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Curious...

ED MCNALLY cruyff at ix.netcom.com
Fri Mar 1 21:34:02 EST 1996


In <4h7kl1$68q at galaxy.ucr.edu> "Nicole M. van Dam"
<nmvandam at mail.ucr.edu> writes: 
>Hi Gert-Jan,
>PC is the abbrevaition for Politically Correct. An example: it is NOT
PC 
>to call Afro-Americans "Blacks". I hope you get it, it took me, coming
>from Europe myself, some time to find out what exactly was meant by PC
>and how to obey the rules. There are a lot of nuances, e.g., you will 
>insult Asians if you refer to them as being "Oriental". This term is 
>reserved for the -delicious- food Asians cook. 
>Have a nice weekend yourself!
>Ciao,
>Nicole van Dam

    Regarding the term "Afro-American", I have heard many responses
from black people on the use of this term.  Many prefer to be called
"African-American" rather than "Afro-American".  Others, however, have
found either term offensive.  Among this group are those who say that
not all black people have near ancestors who come from Africa; that
those who do have near ancestors from Africa feel little or no kinship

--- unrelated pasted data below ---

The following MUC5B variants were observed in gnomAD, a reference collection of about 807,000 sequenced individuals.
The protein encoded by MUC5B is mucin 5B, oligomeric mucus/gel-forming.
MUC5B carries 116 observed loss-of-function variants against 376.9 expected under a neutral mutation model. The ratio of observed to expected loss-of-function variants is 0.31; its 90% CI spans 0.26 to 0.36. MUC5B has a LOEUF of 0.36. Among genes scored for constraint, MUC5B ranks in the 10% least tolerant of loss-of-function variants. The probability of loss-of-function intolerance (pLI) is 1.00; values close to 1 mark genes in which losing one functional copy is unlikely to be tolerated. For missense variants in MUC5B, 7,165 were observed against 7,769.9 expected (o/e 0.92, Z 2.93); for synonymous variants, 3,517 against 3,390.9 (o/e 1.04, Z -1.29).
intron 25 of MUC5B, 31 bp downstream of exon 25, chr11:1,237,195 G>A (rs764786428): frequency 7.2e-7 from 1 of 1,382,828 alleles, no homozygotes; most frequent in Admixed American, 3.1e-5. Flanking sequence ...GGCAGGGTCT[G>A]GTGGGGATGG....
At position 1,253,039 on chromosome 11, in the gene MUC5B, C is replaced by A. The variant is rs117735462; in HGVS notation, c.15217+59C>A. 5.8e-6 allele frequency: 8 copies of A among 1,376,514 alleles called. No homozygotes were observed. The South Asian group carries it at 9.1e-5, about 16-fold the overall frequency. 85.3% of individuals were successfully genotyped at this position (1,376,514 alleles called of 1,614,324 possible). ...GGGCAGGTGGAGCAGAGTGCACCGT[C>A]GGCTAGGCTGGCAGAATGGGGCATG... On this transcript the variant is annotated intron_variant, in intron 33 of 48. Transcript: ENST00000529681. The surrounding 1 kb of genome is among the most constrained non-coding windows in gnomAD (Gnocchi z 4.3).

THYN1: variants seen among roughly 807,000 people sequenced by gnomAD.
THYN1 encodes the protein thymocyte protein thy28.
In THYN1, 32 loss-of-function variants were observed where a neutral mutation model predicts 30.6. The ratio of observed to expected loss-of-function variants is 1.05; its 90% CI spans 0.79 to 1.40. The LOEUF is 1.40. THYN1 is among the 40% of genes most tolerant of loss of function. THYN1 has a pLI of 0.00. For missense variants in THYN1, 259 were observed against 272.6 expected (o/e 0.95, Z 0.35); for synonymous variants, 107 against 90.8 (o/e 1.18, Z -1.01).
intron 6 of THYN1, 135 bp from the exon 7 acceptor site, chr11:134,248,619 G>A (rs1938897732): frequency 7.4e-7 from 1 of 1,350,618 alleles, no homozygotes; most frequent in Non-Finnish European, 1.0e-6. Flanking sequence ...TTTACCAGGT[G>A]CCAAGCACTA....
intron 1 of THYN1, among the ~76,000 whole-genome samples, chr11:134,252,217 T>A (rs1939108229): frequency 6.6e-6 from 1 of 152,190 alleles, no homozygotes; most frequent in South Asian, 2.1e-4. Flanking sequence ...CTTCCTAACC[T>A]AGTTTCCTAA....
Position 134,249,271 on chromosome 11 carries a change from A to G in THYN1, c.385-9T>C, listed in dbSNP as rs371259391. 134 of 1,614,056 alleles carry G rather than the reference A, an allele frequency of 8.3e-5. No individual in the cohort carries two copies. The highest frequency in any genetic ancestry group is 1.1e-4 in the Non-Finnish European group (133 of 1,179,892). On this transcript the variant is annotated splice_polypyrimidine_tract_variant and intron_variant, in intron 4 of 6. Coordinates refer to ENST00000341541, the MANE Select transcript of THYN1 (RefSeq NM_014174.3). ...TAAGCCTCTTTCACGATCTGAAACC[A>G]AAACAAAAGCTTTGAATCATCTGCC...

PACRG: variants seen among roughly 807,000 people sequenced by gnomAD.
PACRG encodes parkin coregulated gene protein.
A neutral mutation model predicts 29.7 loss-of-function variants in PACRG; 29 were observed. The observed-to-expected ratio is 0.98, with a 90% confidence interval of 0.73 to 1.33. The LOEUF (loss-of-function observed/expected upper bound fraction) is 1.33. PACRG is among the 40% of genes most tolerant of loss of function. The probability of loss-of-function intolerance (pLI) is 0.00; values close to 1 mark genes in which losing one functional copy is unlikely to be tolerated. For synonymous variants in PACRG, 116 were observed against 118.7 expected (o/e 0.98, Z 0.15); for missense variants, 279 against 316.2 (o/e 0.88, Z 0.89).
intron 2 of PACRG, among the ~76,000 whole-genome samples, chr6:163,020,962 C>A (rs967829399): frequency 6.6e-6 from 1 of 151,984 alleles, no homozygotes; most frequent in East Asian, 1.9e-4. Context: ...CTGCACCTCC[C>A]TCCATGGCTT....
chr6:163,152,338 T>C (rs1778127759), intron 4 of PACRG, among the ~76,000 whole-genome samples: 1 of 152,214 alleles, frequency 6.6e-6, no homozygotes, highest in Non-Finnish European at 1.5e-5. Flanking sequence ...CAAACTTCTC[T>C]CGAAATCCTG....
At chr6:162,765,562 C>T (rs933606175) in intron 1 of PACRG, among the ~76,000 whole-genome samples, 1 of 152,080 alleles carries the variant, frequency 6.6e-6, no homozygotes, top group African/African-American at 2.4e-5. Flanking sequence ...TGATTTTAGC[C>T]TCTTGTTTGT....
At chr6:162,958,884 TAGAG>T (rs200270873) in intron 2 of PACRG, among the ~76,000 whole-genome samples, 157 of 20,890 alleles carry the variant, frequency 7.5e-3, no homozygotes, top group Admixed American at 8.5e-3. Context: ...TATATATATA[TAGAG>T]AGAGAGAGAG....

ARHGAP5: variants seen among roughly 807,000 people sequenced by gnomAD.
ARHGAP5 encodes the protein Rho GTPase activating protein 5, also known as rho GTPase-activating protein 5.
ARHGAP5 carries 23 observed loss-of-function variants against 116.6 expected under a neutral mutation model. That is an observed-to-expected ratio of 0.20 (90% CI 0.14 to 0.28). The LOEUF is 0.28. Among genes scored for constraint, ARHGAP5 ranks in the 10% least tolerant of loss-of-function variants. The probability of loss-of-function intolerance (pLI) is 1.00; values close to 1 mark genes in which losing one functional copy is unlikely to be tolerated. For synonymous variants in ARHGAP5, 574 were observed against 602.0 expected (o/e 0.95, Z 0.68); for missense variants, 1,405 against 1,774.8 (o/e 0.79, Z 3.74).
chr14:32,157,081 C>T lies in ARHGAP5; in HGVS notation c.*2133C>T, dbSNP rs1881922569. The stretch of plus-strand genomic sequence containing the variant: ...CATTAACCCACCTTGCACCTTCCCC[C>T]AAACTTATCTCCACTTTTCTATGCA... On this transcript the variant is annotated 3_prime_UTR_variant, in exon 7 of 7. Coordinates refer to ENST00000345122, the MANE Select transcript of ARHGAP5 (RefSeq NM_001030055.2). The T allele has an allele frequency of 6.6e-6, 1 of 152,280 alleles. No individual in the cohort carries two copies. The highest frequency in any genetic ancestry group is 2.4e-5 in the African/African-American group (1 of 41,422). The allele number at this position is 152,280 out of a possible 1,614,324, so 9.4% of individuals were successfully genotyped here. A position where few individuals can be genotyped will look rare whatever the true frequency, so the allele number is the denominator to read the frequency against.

to Africa; that most others who do feel kinships to ancestral lands
identify by country, not continent; "I am American, not African" or I
am an American of African (or some country from the continent) descent.


I happen to agree with th last two statements myself.  I am of Irish
descent, and feel a sense of ethnic pride in that.  However, I am not
Irish by nationality.  I am an American, and I take much greater pride
in this than I do in my ancestral heritage.  I personally wish that
more Americans would take such a sense of pride in the USA, and put
their heritage second behind their citizenship.

By the way, I have found that most students who have ancestral ties to
Asian countries prefer to be referred to by the country name rather
than the continent, and a good number actually preferring the term
"Oriental".  

I guess you can't say much without offending someone, so intent is
important.  I simply avoid using terms meant to disparage.

Well, I know this thread was away from the topic of women-in-bio a bit,
but I figured I'd throw in my two cents.

                                        Ed McNally
                                    cruyff at ix.netcom.com
                
 



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